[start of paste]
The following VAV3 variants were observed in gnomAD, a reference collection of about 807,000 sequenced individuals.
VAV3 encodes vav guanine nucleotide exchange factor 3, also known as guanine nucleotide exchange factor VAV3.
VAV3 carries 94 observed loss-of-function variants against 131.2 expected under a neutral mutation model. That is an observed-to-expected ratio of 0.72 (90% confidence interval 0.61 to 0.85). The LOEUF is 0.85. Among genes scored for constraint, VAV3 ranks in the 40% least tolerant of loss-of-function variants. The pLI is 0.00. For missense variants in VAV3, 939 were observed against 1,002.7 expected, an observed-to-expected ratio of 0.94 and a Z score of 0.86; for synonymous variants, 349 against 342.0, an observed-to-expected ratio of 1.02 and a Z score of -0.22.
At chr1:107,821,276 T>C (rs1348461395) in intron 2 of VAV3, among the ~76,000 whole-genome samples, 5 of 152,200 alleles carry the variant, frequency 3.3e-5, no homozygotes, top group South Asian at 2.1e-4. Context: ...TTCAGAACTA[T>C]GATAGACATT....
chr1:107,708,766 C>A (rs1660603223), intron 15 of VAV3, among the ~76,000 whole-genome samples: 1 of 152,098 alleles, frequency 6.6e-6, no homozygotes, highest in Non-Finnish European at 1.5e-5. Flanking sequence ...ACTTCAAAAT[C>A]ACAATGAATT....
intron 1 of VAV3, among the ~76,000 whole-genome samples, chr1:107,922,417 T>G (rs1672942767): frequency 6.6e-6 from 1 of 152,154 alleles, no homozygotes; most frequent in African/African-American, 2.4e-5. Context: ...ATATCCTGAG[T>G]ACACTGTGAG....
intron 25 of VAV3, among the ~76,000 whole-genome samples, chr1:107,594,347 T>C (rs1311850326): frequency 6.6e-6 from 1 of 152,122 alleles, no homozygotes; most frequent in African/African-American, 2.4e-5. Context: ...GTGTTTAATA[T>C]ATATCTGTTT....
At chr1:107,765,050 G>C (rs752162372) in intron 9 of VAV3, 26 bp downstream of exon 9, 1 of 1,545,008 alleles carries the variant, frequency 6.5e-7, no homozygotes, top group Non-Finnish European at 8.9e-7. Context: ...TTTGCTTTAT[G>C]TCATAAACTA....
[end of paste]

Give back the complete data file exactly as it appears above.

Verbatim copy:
The following VAV3 variants were observed in gnomAD, a reference collection of about 807,000 sequenced individuals.
VAV3 encodes vav guanine nucleotide exchange factor 3, also known as guanine nucleotide exchange factor VAV3.
VAV3 carries 94 observed loss-of-function variants against 131.2 expected under a neutral mutation model. That is an observed-to-expected ratio of 0.72 (90% confidence interval 0.61 to 0.85). The LOEUF is 0.85. Among genes scored for constraint, VAV3 ranks in the 40% least tolerant of loss-of-function variants. The pLI is 0.00. For missense variants in VAV3, 939 were observed against 1,002.7 expected, an observed-to-expected ratio of 0.94 and a Z score of 0.86; for synonymous variants, 349 against 342.0, an observed-to-expected ratio of 1.02 and a Z score of -0.22.
At chr1:107,821,276 T>C (rs1348461395) in intron 2 of VAV3, among the ~76,000 whole-genome samples, 5 of 152,200 alleles carry the variant, frequency 3.3e-5, no homozygotes, top group South Asian at 2.1e-4. Context: ...TTCAGAACTA[T>C]GATAGACATT....
chr1:107,708,766 C>A (rs1660603223), intron 15 of VAV3, among the ~76,000 whole-genome samples: 1 of 152,098 alleles, frequency 6.6e-6, no homozygotes, highest in Non-Finnish European at 1.5e-5. Flanking sequence ...ACTTCAAAAT[C>A]ACAATGAATT....
intron 1 of VAV3, among the ~76,000 whole-genome samples, chr1:107,922,417 T>G (rs1672942767): frequency 6.6e-6 from 1 of 152,154 alleles, no homozygotes; most frequent in African/African-American, 2.4e-5. Context: ...ATATCCTGAG[T>G]ACACTGTGAG....
intron 25 of VAV3, among the ~76,000 whole-genome samples, chr1:107,594,347 T>C (rs1311850326): frequency 6.6e-6 from 1 of 152,122 alleles, no homozygotes; most frequent in African/African-American, 2.4e-5. Context: ...GTGTTTAATA[T>C]ATATCTGTTT....
At chr1:107,765,050 G>C (rs752162372) in intron 9 of VAV3, 26 bp downstream of exon 9, 1 of 1,545,008 alleles carries the variant, frequency 6.5e-7, no homozygotes, top group Non-Finnish European at 8.9e-7. Context: ...TTTGCTTTAT[G>C]TCATAAACTA....